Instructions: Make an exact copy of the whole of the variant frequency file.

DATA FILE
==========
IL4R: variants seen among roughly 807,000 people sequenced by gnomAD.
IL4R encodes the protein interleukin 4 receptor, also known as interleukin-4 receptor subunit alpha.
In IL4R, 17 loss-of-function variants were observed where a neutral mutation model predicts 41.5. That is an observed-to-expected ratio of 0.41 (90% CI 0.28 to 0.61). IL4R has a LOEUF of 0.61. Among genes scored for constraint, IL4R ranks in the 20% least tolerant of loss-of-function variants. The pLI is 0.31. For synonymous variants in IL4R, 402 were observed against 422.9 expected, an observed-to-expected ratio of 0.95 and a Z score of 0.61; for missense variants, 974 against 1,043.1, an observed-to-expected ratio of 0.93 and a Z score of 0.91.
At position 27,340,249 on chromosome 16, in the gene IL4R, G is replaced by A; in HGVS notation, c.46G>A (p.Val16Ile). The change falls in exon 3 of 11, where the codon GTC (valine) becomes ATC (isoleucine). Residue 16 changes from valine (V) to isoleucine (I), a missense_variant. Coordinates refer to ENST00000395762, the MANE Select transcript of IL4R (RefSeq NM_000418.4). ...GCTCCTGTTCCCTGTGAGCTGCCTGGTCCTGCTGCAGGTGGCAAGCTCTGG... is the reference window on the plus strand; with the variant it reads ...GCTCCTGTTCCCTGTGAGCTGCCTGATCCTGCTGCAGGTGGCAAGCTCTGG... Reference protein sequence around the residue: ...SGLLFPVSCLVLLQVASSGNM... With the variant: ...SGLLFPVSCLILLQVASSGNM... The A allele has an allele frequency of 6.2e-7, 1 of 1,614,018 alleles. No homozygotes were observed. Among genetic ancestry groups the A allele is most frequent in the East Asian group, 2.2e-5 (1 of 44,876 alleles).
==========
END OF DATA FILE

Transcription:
IL4R: variants seen among roughly 807,000 people sequenced by gnomAD.
IL4R encodes the protein interleukin 4 receptor, also known as interleukin-4 receptor subunit alpha.
In IL4R, 17 loss-of-function variants were observed where a neutral mutation model predicts 41.5. That is an observed-to-expected ratio of 0.41 (90% CI 0.28 to 0.61). IL4R has a LOEUF of 0.61. Among genes scored for constraint, IL4R ranks in the 20% least tolerant of loss-of-function variants. The pLI is 0.31. For synonymous variants in IL4R, 402 were observed against 422.9 expected, an observed-to-expected ratio of 0.95 and a Z score of 0.61; for missense variants, 974 against 1,043.1, an observed-to-expected ratio of 0.93 and a Z score of 0.91.
At position 27,340,249 on chromosome 16, in the gene IL4R, G is replaced by A; in HGVS notation, c.46G>A (p.Val16Ile). The change falls in exon 3 of 11, where the codon GTC (valine) becomes ATC (isoleucine). Residue 16 changes from valine (V) to isoleucine (I), a missense_variant. Coordinates refer to ENST00000395762, the MANE Select transcript of IL4R (RefSeq NM_000418.4). ...GCTCCTGTTCCCTGTGAGCTGCCTGGTCCTGCTGCAGGTGGCAAGCTCTGG... is the reference window on the plus strand; with the variant it reads ...GCTCCTGTTCCCTGTGAGCTGCCTGATCCTGCTGCAGGTGGCAAGCTCTGG... Reference protein sequence around the residue: ...SGLLFPVSCLVLLQVASSGNM... With the variant: ...SGLLFPVSCLILLQVASSGNM... The A allele has an allele frequency of 6.2e-7, 1 of 1,614,018 alleles. No homozygotes were observed. Among genetic ancestry groups the A allele is most frequent in the East Asian group, 2.2e-5 (1 of 44,876 alleles).